on the face by a bee. I run to my boat, seal the skirt and push
off, paddling five feet forward, sliding through a culvert under the
highway and then plunge ten feet down over the first rock encrusted
drop. I suffer from potentially fatal yellowjacket allergic
anaphylaxis, so the river seems suddenly much safer than the
shore. The bee that stung me didn't trigger a reaction but I'd
rather not wait for another one to try.
From there to the ocean is more or less a continuous lava rockslide
with a bit of water flowing over it. My hands are as active as
the paddle blade, reaching out constantly and pulling on exposed rocks
to manuever mid-drop. The water is challenging but
not scary, and quite a bit of fun once I get the feel of the
borrowed Dagger CFS, a bulbous orange creek boat shaped roughly like a
potato. Chris only waves us off one
drop, and I trust his judgement, he is after all the head
captain life guard of the whole island, and he also guided for years on
Africa's giant and terrifying Zambezi river, where if the water won't
kill you, the Hippos will. Chris, his buddy Derrick, and Rich,
constitute the entire whitewater paddling population of the Big
Lunch, Hawaii style. Rich picks wild oranges and tosses them down
We paddle over last drop and going down the slide my paddle
stuck in a rock and try's it's best to decapitate me as I flush
past. Stretching out before us is the blue Pacific and we
paddle into the surf without hesitation. I line up right in the
drop zone for a
larger wave and it peaks right on cue as I accelerate down the face and
then bounce down the front of the foam pile. I'm smiling and
having a blast until for some unknown reason this wave doesn't die off
like all the others had. Grinning like a fool and hollering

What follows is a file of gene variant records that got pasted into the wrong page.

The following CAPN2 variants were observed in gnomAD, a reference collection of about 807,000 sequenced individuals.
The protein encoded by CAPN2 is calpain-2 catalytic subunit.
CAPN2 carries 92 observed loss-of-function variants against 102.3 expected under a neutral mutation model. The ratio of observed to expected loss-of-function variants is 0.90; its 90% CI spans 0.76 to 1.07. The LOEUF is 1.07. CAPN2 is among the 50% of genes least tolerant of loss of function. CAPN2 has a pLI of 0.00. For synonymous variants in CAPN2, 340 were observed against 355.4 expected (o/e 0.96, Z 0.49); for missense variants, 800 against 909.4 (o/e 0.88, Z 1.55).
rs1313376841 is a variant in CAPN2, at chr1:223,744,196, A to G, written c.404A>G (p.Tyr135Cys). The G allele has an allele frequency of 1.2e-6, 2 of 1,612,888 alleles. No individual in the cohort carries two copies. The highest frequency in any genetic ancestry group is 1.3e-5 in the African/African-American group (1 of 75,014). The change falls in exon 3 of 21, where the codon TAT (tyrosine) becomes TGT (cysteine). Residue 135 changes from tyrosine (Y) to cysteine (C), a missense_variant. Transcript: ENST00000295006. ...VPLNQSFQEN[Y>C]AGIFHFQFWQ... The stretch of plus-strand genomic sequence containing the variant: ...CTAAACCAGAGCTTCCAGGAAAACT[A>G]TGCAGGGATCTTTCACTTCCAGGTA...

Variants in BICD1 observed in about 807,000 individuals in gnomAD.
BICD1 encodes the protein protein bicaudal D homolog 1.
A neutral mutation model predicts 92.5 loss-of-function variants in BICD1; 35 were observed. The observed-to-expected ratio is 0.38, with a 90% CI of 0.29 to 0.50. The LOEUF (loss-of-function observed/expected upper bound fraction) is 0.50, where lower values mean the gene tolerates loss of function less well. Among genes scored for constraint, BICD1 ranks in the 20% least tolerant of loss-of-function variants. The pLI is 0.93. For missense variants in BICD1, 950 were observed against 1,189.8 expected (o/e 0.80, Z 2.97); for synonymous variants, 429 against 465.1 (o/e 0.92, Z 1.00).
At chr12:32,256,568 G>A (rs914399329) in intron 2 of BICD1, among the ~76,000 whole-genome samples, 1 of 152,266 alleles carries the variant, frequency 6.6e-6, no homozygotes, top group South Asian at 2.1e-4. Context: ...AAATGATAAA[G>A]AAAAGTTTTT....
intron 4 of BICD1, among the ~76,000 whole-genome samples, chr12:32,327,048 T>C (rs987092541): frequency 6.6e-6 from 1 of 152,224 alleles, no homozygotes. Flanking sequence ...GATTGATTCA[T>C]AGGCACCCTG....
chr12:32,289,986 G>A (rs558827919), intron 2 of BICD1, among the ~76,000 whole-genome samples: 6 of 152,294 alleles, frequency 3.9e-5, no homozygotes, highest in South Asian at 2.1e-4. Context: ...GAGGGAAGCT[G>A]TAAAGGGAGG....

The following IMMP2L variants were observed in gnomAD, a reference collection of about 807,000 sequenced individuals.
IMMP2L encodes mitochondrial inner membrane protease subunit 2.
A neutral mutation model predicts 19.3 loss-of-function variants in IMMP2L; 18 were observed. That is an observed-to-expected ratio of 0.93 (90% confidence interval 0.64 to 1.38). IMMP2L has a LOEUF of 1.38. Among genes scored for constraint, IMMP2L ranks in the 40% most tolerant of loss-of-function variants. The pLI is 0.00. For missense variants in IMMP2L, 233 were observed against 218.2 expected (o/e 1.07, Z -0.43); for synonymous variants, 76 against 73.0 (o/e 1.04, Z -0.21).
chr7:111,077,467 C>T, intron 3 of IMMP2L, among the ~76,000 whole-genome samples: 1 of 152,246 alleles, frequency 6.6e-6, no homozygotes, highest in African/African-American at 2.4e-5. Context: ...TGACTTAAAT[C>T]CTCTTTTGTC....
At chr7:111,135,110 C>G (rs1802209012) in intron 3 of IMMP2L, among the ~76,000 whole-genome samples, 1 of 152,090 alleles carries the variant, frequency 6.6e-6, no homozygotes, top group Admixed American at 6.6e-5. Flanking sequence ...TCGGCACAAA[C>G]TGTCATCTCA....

"yeah, whoo! wait, uh oh, oh no, oh no." I flush straight into
the broken lava crags, but my reflexes are solid, I tumble, roll up,
and ride the next surge out of there. Oops.
That evening we drive ten thousand feet up to the Mauna Kea observatory
center, the road to the observatory is closed due to high wind.
Chris tells me he hiked to the 13,000 ft elevation observatory a few
weeks ago. He climbed nine thousand feet over loose lava in
a single day. The saddle road back to Hilo is beautifully paved
and the full moon reflects off the desert around us and the cloud layer
below us as we decend the west side of the island in Rich's car.
Tonight it's ice on the shoulder for an old rotator cuff tear that
never healed right. I'm not sure if getting that tear was worth
it, but for today at least, inflaming it certainly was.
A very strange sign at the Mauna Kea visitor center.
Todays epidode of culture shock theatre chronicles my
struggles in adapting to the concept of 'Hawaiian Time'.
Roughly translated 'Hawaiian Time' means that anyone you meet may not
be bothered to work too hard, and that trying to rush anyone, whether
it be at a traffic signal, grocery, or hardware store is likely to be
met with hostility or indifference. When inquiring about
the price of a piece of lumber I was flatly rebuked and further inquiry
produced no result. "Just take it" was the final irate
response from the large Hawaiian at the cash register. This place
is not like the west coast where people seem to interact shyly and
plainly, nor the east coast where conversation is rapid and direct, on
'Hawaiian time' exchanges may be surly or friendly but never with
effort. By midday I'm ready to kill my own buddy Rich for his
lack of preparation for our kayak build and the trip. Rich
has been infected with Hawaiian time for five years now. I have
to cut him a little slack though, he finished his bachelors degree just
a month ago.
Wind sweeps the city as the clock ticks by as my mood sours
considerably. All I need is a table saw, band saw, and thickness
planer. Anyone on the east coast would have had one waiting for me
complete with an itemized reciept for the rental costs. As a
person whose livelihood revolves around carefully arranged detail and
precise scheduling, I can tell this next week of kayak building is
going to be tough. For paddling, this flexible ethic is
ideal. I've always been prone to leisure and vice and I'd rather
let the surroundings dictate the terms, but any type of
boatbuilding takes focus and will. Late
in the afternoon,
serendipitous chain of events, we locate Harry, the only
decked kayak builder on the whole island and use his tools to make
work of the basic milling. We're still behind schedule, albeit an
arbitrary schedule that I imposed only because I want to be on the